Chefs Chris DeBarr and Paul Artigues opened the Green Goddess in May of 2009. It was a tiny restaurant even when, weather permitting, diners could eat at tables set up outside of the restaurant's Exchange Alley address. The Green Goddess  is fully Artigues' gig now, as DeBarr is set to open Serendipity in the American Can Co. condominium building in the next few weeks. 

The new venture takes the place of an Italian restaurant called the Olive Branch, and DeBarr told me that he'll be cooking the same imaginative, eclectic cuisine that's earned him a loyal following. He's bringing some dishes over from the Green Goddess, and has a few new items in mind, including a Malaysian-style red curry goat empanada with brabant rutabagas fried in duck fat and caramelized parsnips, and fried pickled okra rellenos stuffed with pimento cheese. The kitchen at the Green Goddess was tiny, and lacked a gas burner, so DeBarr is excited about what his crew – many of whom came with him from the Green Goddess – can do with a more space. It's not the size of the kitchens in which he worked when he was at Commander's Palace or Arnaud's, but he said they will easily cover 75 diners. The problem, he told me, is that the restaurant currently seats 100, and he has plans to add seats outside under a covered veranda in the not-too-distant future that would bring them to around 150 seats. DeBarr explained that they're going to “walk things up” when they open, and figure out how many customers he and his crew can handle. He doesn't want to slow service or compromise on his food.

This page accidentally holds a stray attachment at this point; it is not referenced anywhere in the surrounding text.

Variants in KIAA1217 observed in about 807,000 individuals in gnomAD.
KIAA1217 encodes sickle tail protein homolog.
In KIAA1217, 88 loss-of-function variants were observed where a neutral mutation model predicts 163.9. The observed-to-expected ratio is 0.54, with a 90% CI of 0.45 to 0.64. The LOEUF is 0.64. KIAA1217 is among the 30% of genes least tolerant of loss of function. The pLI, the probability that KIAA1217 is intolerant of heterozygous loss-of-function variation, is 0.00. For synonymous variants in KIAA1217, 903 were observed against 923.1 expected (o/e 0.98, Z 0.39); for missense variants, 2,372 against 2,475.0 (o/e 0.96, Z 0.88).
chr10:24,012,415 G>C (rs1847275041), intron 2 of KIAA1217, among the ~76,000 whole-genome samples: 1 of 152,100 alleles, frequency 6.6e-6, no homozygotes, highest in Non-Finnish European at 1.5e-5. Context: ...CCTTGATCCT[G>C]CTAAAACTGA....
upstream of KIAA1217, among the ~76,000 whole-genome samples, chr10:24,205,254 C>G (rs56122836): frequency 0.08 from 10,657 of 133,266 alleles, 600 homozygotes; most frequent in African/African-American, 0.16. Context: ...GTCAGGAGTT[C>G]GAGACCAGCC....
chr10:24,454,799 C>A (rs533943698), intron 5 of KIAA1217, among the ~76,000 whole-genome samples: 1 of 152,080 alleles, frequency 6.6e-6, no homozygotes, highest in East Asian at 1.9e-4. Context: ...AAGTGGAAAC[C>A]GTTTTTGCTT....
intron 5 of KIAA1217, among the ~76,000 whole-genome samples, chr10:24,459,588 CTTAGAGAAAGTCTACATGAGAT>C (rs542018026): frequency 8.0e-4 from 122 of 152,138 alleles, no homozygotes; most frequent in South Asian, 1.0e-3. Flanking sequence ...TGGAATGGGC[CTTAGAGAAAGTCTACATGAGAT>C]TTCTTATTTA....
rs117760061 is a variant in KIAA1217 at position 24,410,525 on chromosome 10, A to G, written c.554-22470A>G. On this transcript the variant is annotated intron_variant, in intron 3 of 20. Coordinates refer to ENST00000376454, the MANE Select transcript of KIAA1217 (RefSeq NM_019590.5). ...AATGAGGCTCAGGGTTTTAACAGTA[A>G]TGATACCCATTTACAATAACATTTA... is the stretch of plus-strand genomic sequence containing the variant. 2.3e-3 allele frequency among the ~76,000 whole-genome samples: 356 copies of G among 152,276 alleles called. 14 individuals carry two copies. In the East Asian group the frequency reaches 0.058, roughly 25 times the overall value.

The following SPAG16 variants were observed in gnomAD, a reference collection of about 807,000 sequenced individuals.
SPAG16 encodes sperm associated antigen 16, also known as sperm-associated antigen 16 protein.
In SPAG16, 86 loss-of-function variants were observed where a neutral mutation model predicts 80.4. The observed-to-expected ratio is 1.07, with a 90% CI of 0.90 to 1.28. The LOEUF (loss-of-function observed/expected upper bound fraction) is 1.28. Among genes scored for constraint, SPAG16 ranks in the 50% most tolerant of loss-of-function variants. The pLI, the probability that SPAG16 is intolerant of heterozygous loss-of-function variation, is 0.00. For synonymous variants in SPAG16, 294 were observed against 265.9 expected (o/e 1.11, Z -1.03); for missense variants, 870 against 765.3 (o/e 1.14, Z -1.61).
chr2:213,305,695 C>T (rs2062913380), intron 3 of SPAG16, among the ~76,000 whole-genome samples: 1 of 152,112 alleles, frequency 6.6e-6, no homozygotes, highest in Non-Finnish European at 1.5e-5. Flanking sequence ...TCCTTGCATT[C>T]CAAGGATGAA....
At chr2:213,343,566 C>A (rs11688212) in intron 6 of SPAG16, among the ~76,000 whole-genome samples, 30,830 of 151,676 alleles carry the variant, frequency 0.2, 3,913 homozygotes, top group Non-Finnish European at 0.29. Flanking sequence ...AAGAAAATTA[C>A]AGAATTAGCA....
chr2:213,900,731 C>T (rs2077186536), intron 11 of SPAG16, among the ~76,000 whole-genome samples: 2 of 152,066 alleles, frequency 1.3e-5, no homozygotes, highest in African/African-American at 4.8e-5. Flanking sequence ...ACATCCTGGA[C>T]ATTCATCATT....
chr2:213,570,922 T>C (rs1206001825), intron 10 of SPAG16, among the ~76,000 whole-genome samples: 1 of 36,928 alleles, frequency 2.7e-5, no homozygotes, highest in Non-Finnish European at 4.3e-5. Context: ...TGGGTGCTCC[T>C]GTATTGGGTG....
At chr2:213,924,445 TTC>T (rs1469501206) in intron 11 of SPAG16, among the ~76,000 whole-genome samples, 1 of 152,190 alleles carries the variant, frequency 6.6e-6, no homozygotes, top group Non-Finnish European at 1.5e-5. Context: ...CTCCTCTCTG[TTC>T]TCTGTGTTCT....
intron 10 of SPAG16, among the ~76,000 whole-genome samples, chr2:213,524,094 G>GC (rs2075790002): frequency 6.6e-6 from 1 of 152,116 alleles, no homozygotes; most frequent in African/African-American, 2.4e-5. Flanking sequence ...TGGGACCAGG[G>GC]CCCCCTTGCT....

Joining DeBarr in the venture are Allison Gorman, formerly of the Cake Cafe, and Ed Diaz, most recently at Bar Tonique. Bugs Brockway and Ralph Shumaker are going to be running the front of the house.

DeBarr talks a lot about music, and jazz specifically. It fits his personality, and his improvisational method of cooking. Not that his dishes aren't carefully thought out, or tested ahead of service; it's more in the combination of ingredients, flavors and techniques. It's an imaginative style that, in my experience, generally works out well. DeBarr mentioned that the August issue of Wine Enthusiast Magazine will honor the wine list at Green Goddess; it's one of only a few restaurants in New Orleans to get the magazine's seal of approval, and DeBarr was understandably proud. As always, I defer to my colleague Tim McNally where it comes to wine, but I was always impressed by the wines on offer at the Green Goddess, even if I'd never heard of most of them before. There's no phone number or website for the restaurant as yet, but I'll certainly provide that information when I have it.

Speaking as a resident of Mid-City, I'm pretty excited to have DeBarr as a neighbor, and I'll be writing further about Serendipity once I've had a chance to sample the food.